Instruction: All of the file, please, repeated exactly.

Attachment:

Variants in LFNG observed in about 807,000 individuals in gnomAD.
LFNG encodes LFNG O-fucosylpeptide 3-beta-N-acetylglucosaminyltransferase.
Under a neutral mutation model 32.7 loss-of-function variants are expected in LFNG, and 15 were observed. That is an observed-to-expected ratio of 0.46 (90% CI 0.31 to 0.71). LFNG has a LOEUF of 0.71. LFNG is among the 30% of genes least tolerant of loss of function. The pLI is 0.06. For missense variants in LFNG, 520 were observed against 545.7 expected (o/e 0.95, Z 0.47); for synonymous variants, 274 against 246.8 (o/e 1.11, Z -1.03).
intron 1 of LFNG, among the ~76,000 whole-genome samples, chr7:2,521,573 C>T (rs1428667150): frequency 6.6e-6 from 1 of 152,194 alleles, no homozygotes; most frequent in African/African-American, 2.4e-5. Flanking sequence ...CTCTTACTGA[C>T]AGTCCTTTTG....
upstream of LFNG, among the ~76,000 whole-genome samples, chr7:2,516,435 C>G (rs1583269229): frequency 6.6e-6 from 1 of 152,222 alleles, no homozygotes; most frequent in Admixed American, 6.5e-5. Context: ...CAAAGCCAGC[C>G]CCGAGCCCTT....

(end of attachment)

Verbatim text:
Variants in LFNG observed in about 807,000 individuals in gnomAD.
LFNG encodes LFNG O-fucosylpeptide 3-beta-N-acetylglucosaminyltransferase.
Under a neutral mutation model 32.7 loss-of-function variants are expected in LFNG, and 15 were observed. That is an observed-to-expected ratio of 0.46 (90% CI 0.31 to 0.71). LFNG has a LOEUF of 0.71. LFNG is among the 30% of genes least tolerant of loss of function. The pLI is 0.06. For missense variants in LFNG, 520 were observed against 545.7 expected (o/e 0.95, Z 0.47); for synonymous variants, 274 against 246.8 (o/e 1.11, Z -1.03).
intron 1 of LFNG, among the ~76,000 whole-genome samples, chr7:2,521,573 C>T (rs1428667150): frequency 6.6e-6 from 1 of 152,194 alleles, no homozygotes; most frequent in African/African-American, 2.4e-5. Flanking sequence ...CTCTTACTGA[C>T]AGTCCTTTTG....
upstream of LFNG, among the ~76,000 whole-genome samples, chr7:2,516,435 C>G (rs1583269229): frequency 6.6e-6 from 1 of 152,222 alleles, no homozygotes; most frequent in Admixed American, 6.5e-5. Context: ...CAAAGCCAGC[C>G]CCGAGCCCTT....